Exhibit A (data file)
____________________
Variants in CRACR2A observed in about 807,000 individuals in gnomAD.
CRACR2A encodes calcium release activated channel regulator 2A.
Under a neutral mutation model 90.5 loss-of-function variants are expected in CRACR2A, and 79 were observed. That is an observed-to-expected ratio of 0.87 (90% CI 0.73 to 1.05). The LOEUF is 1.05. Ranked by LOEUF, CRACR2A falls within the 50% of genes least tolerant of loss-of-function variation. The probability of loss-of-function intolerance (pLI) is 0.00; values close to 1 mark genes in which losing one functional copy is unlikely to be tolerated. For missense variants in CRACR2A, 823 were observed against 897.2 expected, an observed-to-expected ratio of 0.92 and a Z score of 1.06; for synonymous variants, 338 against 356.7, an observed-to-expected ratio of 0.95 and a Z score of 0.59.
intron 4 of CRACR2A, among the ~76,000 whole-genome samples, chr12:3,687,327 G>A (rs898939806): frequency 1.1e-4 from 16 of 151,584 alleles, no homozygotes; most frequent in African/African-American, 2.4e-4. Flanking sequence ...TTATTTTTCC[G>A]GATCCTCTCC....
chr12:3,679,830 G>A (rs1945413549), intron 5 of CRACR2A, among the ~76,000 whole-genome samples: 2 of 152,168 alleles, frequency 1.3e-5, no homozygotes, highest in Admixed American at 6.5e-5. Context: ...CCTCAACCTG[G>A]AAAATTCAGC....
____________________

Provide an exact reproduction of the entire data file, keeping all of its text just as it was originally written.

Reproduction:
Variants in CRACR2A observed in about 807,000 individuals in gnomAD.
CRACR2A encodes calcium release activated channel regulator 2A.
Under a neutral mutation model 90.5 loss-of-function variants are expected in CRACR2A, and 79 were observed. That is an observed-to-expected ratio of 0.87 (90% CI 0.73 to 1.05). The LOEUF is 1.05. Ranked by LOEUF, CRACR2A falls within the 50% of genes least tolerant of loss-of-function variation. The probability of loss-of-function intolerance (pLI) is 0.00; values close to 1 mark genes in which losing one functional copy is unlikely to be tolerated. For missense variants in CRACR2A, 823 were observed against 897.2 expected, an observed-to-expected ratio of 0.92 and a Z score of 1.06; for synonymous variants, 338 against 356.7, an observed-to-expected ratio of 0.95 and a Z score of 0.59.
intron 4 of CRACR2A, among the ~76,000 whole-genome samples, chr12:3,687,327 G>A (rs898939806): frequency 1.1e-4 from 16 of 151,584 alleles, no homozygotes; most frequent in African/African-American, 2.4e-4. Flanking sequence ...TTATTTTTCC[G>A]GATCCTCTCC....
chr12:3,679,830 G>A (rs1945413549), intron 5 of CRACR2A, among the ~76,000 whole-genome samples: 2 of 152,168 alleles, frequency 1.3e-5, no homozygotes, highest in Admixed American at 6.5e-5. Context: ...CCTCAACCTG[G>A]AAAATTCAGC....